I've seen some varying tick rates used for RTS engines. Supreme Commander ran at a super-low 10 ticks per second. Is this normal for RTS engines, or do they normally have a higher tick rate?

  • \$\begingroup\$ What is tick rate? \$\endgroup\$ Commented May 2, 2012 at 22:20
  • \$\begingroup\$ @iamcreasy: The tick rate is the speed at which the game updates the physics and simulation state. \$\endgroup\$
    – DeadMG
    Commented May 3, 2012 at 3:09
  • \$\begingroup\$ What happens when hardware can't match up with it? Which one they prioritize, the simulation or the catch-up? \$\endgroup\$ Commented May 3, 2012 at 3:57
  • \$\begingroup\$ @iamcreasy the game will lag - at least as far as SupCom and Generals goes. \$\endgroup\$ Commented May 3, 2012 at 8:04
  • 3
    \$\begingroup\$ @iamcreasy The more detailed answer is that you should program and optimize your game so that a simulation tick always runs within a certain time budget. A game is a realtime system in this way; code that runs past its deadline is basically a bug. Of course it's impossible to be perfect and thus if a frame runs over the game will lag. But lagging and hitching are bad, and can be prevented by just writing code to a budget. (My job the past few weeks has been exactly this -- optimizing an RTS game to fit in framerate.) \$\endgroup\$
    – Crashworks
    Commented May 3, 2012 at 11:00

3 Answers 3


Most RTSes I've worked on (or seen the source code to) simulate at 25-60hz. Slower than that, and characters start to feel unresponsive to commands and the controls feel generally laggy.

It's fairly common to run some game components only once per N ticks, however — ie, to undersample them. For example, run AI at only 5hz while the rest of the game is at 30hz, so that AI only runs one out of six frames. Or you can "think" only ¼ of the entities per frame to balance load, stuff like that.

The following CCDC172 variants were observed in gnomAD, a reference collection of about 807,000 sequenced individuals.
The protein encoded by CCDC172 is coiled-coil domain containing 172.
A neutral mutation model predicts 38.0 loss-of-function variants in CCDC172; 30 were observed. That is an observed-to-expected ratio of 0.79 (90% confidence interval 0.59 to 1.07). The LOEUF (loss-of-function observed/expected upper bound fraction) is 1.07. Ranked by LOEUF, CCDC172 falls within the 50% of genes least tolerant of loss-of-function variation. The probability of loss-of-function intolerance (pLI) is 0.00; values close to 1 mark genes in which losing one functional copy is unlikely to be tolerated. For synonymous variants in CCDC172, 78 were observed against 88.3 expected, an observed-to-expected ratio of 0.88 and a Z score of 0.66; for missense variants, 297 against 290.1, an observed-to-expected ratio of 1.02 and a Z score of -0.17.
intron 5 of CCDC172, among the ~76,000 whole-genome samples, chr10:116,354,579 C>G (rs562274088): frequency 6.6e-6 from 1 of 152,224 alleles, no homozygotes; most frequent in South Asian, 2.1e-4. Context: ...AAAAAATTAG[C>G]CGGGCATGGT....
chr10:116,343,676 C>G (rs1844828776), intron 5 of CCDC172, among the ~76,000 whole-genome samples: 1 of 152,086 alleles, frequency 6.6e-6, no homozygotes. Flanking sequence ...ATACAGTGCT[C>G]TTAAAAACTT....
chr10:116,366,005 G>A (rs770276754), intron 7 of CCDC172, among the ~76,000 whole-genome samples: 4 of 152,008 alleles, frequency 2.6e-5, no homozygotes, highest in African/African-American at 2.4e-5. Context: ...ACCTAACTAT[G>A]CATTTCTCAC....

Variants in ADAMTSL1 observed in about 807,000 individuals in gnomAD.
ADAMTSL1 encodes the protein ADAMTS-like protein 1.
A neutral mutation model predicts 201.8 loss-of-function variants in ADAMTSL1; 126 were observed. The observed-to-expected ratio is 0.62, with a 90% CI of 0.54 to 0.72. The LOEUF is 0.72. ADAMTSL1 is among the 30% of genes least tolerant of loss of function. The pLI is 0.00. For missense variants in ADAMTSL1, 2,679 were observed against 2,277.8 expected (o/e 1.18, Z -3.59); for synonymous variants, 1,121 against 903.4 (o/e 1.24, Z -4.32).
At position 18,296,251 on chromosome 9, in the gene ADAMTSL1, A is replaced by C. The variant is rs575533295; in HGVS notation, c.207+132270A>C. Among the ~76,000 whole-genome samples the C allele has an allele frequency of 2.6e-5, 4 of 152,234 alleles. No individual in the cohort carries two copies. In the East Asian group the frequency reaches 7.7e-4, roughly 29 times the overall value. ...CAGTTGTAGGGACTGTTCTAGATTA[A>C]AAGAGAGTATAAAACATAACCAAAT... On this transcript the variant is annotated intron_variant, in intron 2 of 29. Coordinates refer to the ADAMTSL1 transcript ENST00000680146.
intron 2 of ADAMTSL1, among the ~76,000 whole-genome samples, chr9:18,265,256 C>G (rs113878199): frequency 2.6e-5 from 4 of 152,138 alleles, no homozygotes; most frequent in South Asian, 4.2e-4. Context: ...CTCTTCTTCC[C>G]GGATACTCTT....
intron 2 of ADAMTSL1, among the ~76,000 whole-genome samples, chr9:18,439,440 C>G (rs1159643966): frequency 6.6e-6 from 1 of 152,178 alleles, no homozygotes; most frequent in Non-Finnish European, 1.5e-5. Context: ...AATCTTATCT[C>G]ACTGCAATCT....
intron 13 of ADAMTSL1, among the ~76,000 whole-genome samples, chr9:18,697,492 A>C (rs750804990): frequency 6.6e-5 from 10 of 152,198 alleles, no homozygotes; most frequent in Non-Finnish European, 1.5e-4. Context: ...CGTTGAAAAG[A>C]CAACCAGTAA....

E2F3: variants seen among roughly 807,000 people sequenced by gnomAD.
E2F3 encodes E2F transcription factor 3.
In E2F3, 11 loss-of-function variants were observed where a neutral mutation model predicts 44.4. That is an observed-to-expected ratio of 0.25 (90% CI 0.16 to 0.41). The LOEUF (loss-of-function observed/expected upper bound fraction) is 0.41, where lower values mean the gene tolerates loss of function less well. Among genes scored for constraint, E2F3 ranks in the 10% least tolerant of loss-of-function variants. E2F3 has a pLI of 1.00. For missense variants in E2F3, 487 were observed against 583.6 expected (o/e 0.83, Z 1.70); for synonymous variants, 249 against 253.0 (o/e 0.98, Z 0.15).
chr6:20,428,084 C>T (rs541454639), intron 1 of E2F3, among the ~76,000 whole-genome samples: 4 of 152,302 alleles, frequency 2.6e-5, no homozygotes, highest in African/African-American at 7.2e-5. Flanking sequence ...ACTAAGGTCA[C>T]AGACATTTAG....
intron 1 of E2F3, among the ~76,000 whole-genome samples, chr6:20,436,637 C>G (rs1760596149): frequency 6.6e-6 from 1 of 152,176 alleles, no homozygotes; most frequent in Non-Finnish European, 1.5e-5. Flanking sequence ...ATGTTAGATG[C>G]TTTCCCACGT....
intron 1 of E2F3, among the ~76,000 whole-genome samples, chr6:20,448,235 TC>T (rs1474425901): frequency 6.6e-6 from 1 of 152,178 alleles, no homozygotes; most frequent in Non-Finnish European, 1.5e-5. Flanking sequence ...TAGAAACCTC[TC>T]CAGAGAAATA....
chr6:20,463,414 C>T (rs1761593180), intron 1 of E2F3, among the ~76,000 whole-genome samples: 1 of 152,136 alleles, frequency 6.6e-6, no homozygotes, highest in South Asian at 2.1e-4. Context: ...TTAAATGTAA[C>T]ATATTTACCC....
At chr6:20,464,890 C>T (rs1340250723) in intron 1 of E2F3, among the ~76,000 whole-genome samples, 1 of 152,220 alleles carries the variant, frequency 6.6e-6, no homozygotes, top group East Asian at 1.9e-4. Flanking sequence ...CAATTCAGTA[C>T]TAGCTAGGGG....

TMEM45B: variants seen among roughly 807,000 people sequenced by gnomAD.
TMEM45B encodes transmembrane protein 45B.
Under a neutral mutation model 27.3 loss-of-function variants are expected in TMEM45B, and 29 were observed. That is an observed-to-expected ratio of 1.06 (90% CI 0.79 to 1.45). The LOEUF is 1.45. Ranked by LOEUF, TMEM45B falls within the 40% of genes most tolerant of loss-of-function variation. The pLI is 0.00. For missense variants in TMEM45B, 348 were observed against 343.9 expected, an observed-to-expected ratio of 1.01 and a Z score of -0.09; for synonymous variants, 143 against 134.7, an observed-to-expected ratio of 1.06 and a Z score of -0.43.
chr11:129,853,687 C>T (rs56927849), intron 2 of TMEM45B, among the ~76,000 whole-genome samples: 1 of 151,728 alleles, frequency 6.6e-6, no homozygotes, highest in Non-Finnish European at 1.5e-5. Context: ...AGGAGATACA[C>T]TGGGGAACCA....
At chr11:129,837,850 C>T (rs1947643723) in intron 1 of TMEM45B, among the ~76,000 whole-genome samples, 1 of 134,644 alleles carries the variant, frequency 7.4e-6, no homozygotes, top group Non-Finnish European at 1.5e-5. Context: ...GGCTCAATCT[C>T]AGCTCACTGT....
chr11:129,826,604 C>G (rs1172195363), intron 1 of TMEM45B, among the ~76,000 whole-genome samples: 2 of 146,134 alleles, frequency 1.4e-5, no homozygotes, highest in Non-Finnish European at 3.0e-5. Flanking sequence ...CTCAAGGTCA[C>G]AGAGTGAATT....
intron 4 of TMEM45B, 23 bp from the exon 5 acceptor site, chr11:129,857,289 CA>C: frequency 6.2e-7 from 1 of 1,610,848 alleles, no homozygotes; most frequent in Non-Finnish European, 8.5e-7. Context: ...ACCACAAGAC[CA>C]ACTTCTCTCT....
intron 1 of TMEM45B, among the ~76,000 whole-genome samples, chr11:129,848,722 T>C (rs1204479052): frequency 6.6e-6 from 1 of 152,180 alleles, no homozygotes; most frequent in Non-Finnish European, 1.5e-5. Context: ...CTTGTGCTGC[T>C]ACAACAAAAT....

• \$\begingroup\$ cpu heavy things like pathfinding could also benefit of being recalculated at very low rates \$\endgroup\$
    – tigrou
    Commented May 3, 2012 at 11:55
  • \$\begingroup\$ I don't think this is the right answer. He's asking about tickrate for physics simulations, not the framerate of rendering. \$\endgroup\$
    – ashes999
    Commented May 3, 2012 at 16:22
  • \$\begingroup\$ @ashes999 So am I. Simulation controls character movement. Character movement is triggered by user input. The interval between character movement timesteps -- in particular, the interval between when a "move" order is received from client and the character changes direction -- correlates to perceived input latency. We have found this in user testing with our MOBA-style RTS. \$\endgroup\$
    – Crashworks
    Commented May 3, 2012 at 21:19

If we're stritcly talking about physics and logic, a super-low tick rate is probably OK.

But I would recommend to run animations and movement at a smooth 30 fps, especially if the game is 3d, zoomable, etc.

  • \$\begingroup\$ Physics, notably collision related tics running at a slower rate than display gives quite strange results for displayed objects when position and movement are inferred. \$\endgroup\$
    – Coyote
    Commented May 2, 2012 at 22:24
  • \$\begingroup\$ Provided there are enough ticks, artifacts should be able to be minimised. \$\endgroup\$
    – MarkR
    Commented May 3, 2012 at 12:48

I assume that you're using a fixed-timestamp and variable rendering framerate, which is the sensible way of doing it on all systems nowadays.

I can't see a big motivation for running > 20 ticks per second, because graphics rendering will interpolate anyway, doing more logic ticks just increases CPU usage without making the game better.

If you are going to be "clever" about collision detection, etc, you might manage with fewer ticks per second. Maybe 5?

There just need to be enough ticks per second that objects can't visibly move through each other (or other artifacts) due to the granularity of the simulation.

It's unlikely that a player's action will be responded to instantly anyway, the player expects some degree of lag when ordering objects to do things.

Construction, or even a simple "move this to there", is likely to take at least 5 seconds of real-time anyway.


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